Research & Innovation News

Open Access Government has a massive variety of Scientific Research and Innovation information that is available in this category.

This section explores the latest breakthroughs in all aspects of science: including Biology, Chemistry, Physics, Psychology and Sociology. There is extensive research on psychological and social patterns that occur in everyday life.

Information is available on scientific policies that the government might adopt. Along with the changes and developments of global space policy. We cover the ongoing rise of anti-microbial resistance (AMR) and cancer research breakthroughs along with countries and their own individual research priorities.

Within this category we explore the massive increase and growth in CBD research and production, there is a lot of interesting information available.

vivo imaging

In vivo imaging and mathematical modelling in nanoparticle pharmacokinetics

In this article, several authors discuss the integration of in vivo imaging and mathematical modelling in nanoparticle pharmacokinetics.
peptide science and technology, university of porto

Peptides: Why advancing peptide science and technology should be a priority

Paula Gomes, Associate Professor of Chemistry and Senior Researcher in Bioorganic and Peptide Chemistry at the University of Porto, Portugal, explains why peptides are amongst the most promising molecules for the future.
impact of wheat, plant pathology

Plant pathology: The global impact of wheat diseases

Dr Kim Hammond-Kosack at Rothamsted Research highlights an aspect of plant pathology that concerns the importance of finding new ways to disarm old enemies in wheat diseases.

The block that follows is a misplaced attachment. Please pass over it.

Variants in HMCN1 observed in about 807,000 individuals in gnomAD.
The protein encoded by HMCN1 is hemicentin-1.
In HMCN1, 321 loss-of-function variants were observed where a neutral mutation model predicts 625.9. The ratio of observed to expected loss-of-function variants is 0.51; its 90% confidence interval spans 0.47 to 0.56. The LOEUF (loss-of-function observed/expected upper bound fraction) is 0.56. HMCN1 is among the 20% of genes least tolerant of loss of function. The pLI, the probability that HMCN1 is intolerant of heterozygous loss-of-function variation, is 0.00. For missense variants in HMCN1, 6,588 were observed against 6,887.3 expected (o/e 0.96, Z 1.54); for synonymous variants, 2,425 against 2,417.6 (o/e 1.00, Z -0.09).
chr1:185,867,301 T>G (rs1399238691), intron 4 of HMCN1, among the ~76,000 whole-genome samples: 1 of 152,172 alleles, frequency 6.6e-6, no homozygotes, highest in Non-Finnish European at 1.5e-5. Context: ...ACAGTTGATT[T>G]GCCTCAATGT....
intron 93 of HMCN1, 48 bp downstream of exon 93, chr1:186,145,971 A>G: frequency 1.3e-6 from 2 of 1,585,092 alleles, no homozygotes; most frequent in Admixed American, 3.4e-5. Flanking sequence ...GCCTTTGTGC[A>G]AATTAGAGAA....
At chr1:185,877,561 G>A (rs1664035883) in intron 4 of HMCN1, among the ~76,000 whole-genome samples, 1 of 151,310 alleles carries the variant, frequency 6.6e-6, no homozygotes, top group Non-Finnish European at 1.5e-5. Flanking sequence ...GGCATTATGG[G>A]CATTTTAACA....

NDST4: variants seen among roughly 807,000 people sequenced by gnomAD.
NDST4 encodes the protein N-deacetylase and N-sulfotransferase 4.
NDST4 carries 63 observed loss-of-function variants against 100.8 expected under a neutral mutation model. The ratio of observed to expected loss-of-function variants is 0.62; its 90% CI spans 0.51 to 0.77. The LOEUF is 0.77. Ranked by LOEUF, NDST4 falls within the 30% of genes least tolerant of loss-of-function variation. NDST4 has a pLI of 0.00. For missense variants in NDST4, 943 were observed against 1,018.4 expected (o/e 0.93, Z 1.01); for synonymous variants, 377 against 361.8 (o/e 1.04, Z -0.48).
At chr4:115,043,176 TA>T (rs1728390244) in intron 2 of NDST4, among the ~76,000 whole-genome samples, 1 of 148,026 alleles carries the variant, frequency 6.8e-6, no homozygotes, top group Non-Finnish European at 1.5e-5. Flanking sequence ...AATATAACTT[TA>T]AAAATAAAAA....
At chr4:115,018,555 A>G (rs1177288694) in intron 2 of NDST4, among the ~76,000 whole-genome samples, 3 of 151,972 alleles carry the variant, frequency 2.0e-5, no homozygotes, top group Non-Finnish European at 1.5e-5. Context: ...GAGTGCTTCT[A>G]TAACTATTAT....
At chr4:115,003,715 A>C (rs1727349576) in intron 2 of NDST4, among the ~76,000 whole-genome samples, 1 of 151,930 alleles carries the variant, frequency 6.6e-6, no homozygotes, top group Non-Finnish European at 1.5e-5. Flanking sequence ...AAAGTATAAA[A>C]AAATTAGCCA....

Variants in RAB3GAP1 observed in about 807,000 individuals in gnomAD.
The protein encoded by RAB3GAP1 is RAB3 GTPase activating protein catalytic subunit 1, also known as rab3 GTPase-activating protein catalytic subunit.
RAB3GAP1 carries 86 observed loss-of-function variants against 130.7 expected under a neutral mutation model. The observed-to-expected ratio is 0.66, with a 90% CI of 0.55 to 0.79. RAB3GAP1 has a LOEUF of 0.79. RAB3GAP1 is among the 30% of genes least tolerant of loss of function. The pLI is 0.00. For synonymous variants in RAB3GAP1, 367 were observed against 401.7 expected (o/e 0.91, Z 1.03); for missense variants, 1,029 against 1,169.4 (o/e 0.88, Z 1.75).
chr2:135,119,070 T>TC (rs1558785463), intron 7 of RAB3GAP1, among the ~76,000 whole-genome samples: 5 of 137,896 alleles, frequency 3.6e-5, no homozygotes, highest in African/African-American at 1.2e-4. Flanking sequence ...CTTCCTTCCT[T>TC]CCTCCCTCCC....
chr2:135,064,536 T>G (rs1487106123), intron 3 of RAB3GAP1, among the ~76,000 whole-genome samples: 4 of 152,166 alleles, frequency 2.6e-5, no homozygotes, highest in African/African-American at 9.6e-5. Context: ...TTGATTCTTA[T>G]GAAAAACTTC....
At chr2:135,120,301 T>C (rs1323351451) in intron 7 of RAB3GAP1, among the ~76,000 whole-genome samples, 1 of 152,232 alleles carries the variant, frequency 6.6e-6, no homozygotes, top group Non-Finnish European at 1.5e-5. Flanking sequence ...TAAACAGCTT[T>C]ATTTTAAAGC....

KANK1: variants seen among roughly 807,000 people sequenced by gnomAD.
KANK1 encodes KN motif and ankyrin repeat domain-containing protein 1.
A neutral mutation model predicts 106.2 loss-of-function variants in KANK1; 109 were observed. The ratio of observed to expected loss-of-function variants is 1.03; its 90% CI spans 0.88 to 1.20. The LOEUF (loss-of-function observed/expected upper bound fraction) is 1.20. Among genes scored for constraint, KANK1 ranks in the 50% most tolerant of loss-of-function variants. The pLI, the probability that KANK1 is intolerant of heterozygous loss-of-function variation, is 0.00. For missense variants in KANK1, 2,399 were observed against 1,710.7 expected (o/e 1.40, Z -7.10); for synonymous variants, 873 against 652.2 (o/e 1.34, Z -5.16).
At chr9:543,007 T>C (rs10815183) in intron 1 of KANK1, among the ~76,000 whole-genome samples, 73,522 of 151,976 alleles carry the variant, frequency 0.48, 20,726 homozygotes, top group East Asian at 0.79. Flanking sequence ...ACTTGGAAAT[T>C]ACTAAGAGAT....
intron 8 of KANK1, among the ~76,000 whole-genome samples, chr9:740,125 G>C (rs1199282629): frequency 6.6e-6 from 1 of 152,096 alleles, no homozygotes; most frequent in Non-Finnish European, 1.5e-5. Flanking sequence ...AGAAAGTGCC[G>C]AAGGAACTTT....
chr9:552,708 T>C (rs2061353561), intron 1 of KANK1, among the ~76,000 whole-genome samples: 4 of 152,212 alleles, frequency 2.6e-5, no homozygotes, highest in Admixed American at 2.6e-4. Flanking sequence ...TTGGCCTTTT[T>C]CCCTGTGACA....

carbon nanotubes, nanotechnology

Carbon nanotubes: A material on the horizon

The Flavel research group at the Institute of Nanotechnology in Karlsruhe are investigating new ways to prepare type selected carbon nanotubes with industrially relevant processes on the large scale.
health research & innovation, medical innovation

UCL: A global partner for health research & innovation

Jane Kinghorn, along with Marta Ribeiro, Felipe Fouto, and Colby Benari from UCL, argues that the ability to listen and learn makes UCL a global partner of choice for health research & innovation.
localised patient flow, digitalised primary care

Tailormade tech: The digital primary care solution going further to create automated and localised...

Ben Wood, Director of Operations & Sales at Klinik Healthcare Solutions UK Limited explains how Klinik, is the digital primary care solution going further to create automated patient flow, which is entirely localised.
robot therapists, technical university of munich

What if we had robot therapists instead of humans?

The Technical University of Munich (TUM) have published an initial study into how AI robot therapists could be used in the future to treat mental illness: Here we examine their ethical concerns.
human body in space, NASA twins study

NASA research reveals what happens to human body in space

Results from NASA's landmark Twins Study reveals interesting, surprising and reassuring data about how one human body in space adapted to, then recovered from, that extreme environment.